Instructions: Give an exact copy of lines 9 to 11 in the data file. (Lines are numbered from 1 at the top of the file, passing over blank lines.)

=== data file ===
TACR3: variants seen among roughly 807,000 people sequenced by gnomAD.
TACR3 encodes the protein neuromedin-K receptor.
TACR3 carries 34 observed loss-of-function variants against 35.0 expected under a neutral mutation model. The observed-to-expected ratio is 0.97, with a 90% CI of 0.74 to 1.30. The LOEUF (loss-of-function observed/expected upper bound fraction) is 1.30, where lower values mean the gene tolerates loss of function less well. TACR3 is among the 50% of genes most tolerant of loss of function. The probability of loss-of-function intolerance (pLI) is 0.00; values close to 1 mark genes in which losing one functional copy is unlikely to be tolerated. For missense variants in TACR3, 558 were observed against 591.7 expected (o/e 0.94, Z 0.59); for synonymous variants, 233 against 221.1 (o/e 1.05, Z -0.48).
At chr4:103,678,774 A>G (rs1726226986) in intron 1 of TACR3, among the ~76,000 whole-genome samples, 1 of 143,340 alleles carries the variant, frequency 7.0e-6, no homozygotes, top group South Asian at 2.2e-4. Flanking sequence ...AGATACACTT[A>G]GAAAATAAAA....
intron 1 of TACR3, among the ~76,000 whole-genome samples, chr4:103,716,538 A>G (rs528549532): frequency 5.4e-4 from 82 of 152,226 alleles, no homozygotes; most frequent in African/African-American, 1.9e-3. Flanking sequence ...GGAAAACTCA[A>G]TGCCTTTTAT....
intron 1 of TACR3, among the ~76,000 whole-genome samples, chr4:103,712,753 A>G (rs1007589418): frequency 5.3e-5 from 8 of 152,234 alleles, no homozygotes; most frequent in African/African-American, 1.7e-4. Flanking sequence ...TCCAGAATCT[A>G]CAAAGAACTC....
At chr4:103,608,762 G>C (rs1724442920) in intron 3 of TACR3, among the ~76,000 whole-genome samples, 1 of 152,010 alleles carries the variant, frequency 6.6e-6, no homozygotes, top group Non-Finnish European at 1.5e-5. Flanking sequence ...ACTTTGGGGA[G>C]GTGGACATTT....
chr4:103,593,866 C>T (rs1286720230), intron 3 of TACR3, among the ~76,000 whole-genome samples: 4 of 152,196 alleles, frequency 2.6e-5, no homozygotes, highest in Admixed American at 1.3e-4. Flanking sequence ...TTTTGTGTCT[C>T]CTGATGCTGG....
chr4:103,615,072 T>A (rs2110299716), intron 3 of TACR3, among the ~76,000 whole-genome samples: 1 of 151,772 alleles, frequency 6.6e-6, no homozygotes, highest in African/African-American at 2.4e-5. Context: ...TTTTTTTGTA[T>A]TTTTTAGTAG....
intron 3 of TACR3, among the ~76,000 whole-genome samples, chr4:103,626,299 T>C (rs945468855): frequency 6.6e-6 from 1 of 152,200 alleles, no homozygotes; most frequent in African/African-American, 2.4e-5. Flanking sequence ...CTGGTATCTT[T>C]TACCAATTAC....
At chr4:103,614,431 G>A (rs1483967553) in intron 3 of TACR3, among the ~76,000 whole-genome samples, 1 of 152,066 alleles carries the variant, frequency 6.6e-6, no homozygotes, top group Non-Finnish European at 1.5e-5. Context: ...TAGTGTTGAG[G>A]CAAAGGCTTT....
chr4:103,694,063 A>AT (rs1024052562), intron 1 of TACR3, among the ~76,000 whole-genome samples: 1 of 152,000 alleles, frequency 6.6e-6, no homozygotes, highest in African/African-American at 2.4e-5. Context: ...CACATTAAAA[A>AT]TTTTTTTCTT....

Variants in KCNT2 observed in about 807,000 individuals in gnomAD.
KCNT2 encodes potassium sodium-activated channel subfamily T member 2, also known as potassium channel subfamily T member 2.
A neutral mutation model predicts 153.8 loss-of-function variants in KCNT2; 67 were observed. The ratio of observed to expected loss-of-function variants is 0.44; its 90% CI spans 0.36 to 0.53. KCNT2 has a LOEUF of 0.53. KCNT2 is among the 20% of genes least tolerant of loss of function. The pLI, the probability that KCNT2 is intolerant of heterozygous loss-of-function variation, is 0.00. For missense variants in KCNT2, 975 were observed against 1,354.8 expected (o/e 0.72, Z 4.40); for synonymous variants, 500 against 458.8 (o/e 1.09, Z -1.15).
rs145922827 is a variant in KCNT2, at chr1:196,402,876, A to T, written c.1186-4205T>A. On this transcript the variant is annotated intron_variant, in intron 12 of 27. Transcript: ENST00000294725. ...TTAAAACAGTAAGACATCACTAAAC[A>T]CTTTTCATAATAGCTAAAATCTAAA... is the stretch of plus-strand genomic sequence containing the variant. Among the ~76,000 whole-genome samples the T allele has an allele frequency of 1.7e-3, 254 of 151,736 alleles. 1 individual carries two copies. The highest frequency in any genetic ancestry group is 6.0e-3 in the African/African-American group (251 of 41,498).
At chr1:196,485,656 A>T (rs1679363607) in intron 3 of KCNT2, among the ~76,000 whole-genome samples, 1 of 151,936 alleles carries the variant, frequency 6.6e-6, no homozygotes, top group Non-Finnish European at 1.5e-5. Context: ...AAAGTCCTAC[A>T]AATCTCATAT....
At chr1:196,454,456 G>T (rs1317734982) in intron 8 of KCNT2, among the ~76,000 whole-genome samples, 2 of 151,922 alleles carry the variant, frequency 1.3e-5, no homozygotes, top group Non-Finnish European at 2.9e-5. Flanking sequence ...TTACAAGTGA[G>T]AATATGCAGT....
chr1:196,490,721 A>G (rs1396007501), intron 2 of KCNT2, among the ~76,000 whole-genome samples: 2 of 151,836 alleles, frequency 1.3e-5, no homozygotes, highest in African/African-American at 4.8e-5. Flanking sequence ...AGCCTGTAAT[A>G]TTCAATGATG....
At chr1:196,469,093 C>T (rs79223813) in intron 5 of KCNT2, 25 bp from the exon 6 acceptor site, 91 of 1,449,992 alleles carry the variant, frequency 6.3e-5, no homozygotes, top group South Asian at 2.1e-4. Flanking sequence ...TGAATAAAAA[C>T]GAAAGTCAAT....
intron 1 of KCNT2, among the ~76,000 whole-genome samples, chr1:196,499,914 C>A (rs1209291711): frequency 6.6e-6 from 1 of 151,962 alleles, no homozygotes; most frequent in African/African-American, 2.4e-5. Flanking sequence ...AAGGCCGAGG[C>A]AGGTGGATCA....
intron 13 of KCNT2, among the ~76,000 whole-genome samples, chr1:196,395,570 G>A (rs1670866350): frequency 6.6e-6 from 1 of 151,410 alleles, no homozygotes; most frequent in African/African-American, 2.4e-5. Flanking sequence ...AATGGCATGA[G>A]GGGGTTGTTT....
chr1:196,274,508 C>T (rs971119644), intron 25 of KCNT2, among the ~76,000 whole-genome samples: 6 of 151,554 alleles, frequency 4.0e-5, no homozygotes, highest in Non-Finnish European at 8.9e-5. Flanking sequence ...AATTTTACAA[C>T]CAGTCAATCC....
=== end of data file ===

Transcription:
chr4:103,615,072 T>A (rs2110299716), intron 3 of TACR3, among the ~76,000 whole-genome samples: 1 of 151,772 alleles, frequency 6.6e-6, no homozygotes, highest in African/African-American at 2.4e-5. Context: ...TTTTTTTGTA[T>A]TTTTTAGTAG....
intron 3 of TACR3, among the ~76,000 whole-genome samples, chr4:103,626,299 T>C (rs945468855): frequency 6.6e-6 from 1 of 152,200 alleles, no homozygotes; most frequent in African/African-American, 2.4e-5. Flanking sequence ...CTGGTATCTT[T>C]TACCAATTAC....
At chr4:103,614,431 G>A (rs1483967553) in intron 3 of TACR3, among the ~76,000 whole-genome samples, 1 of 152,066 alleles carries the variant, frequency 6.6e-6, no homozygotes, top group Non-Finnish European at 1.5e-5. Context: ...TAGTGTTGAG[G>A]CAAAGGCTTT....